My second post, in 2003, said that the US government was lying about Afghanistan – and that the trend had turned against us. This is my 200th post about the Afghanistan War. The government had convinced Americans to believe their lies, and few care about the cost – about the blood of American or Afghanistan casualties.

Remembering is the first step to learning. Living in the now is ignorance.

For More Information

Ideas! For shopping ideas, see my recommended books and films at Amazon.

If you liked this post, like us on Facebook and follow us on Twitter. See all posts about our war in Afghanistan, about women and gender roles, about ways to reform America, and especially these…

  1. Study body counts to learn about our wars: how we fight, why we lose.
  2. Two generals chat about Afghanistan (a funny, sad, horrifying look at our war).
  3. Why Trump’s plan for Afghanistan will fail.
  4. How We Learned Not To Care About Our Wars.
  5. Our generals reveal why we lost in Afghanistan, and will continue to lose.
  6. On the 16th anniversary of Afghanistan, see why we lost.
  7. William Lind: Breathtaking news from the Pentagon about Afghanistan.

Two enlightening books about the Afghanistan War.

Afghanistan: How the West Lost Its Way by Tim Bird and Alex Marshall (2011).

The Good War: Why We Couldn’t Win the War or the Peace in Afghanistan by Jack Fairweather (2014).

Afghanistan: How the West Lost Its Way
Available at Amazon.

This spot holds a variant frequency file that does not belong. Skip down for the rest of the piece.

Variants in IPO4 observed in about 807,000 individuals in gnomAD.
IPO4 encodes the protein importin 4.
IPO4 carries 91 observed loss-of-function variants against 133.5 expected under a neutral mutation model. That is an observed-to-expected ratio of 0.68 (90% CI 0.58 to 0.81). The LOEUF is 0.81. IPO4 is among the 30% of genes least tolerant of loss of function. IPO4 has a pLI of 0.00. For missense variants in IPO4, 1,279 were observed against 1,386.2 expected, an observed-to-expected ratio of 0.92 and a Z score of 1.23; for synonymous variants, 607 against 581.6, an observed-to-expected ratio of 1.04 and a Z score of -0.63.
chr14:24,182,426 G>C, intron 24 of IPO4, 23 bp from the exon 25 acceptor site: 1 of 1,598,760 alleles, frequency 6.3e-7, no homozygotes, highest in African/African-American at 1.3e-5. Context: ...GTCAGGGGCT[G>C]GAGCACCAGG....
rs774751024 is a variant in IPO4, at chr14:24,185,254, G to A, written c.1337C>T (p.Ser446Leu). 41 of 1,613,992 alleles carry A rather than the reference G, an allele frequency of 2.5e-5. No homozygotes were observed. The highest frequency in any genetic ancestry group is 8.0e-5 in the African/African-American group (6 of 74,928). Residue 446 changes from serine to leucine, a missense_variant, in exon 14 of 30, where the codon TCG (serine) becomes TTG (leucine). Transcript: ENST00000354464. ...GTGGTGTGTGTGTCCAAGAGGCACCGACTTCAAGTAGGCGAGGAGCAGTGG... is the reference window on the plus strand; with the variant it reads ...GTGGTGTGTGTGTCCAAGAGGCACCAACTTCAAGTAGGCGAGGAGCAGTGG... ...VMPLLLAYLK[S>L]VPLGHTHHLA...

The Good War: Why We Couldn’t Win the War or the Peace in Afghanistan
Available at Amazon.

11 thoughts on “On the 40th anniversary of our Afghanistan war, remember!”

  1. <<>>

    Unless I missed it, neither of those links mentioned anything happening in Afghanistan.

    That aside, I tend to agree with you. I’m an Afghanistan veteran, so it’s tough to say. Similar to Vietnam, we can’t go in and win a war to change the course of a country when the only vigorous, energetic people are the ones opposing us. We defeat them in combat pretty much every time, but that doesn’t seem to matter.

    1. Dark,

      (1) “Unless I missed it, neither of those links mentioned anything happening in Afghanistan.”

      What links? They did not post in your comment.

      (2) “I’m an Afghanistan veteran, so it’s tough to say.”

      Why is it “tough to say”? The evidence is overwhelming.

      (3) “We defeat them in combat pretty much every time, but that doesn’t seem to matter.”

      Fourth generation war has been by far the more frequent kind of war since Korea. Yet people still express astonishment about it. Bizarrely, our military leaders did not understand it at the end of the Vietnam Peace talks, as seen in this conversation between Colonel Harry G. Summers, Jr. (Chief of the U.S. Delegation) and Colonel Nguyen Don Tu (Chief, North Vietnamese Delegation). From Summers’ On Strategy: A Critical Analysis of the Vietnam War (1982).

      Summers: “You know you never defeated us on the battlefield”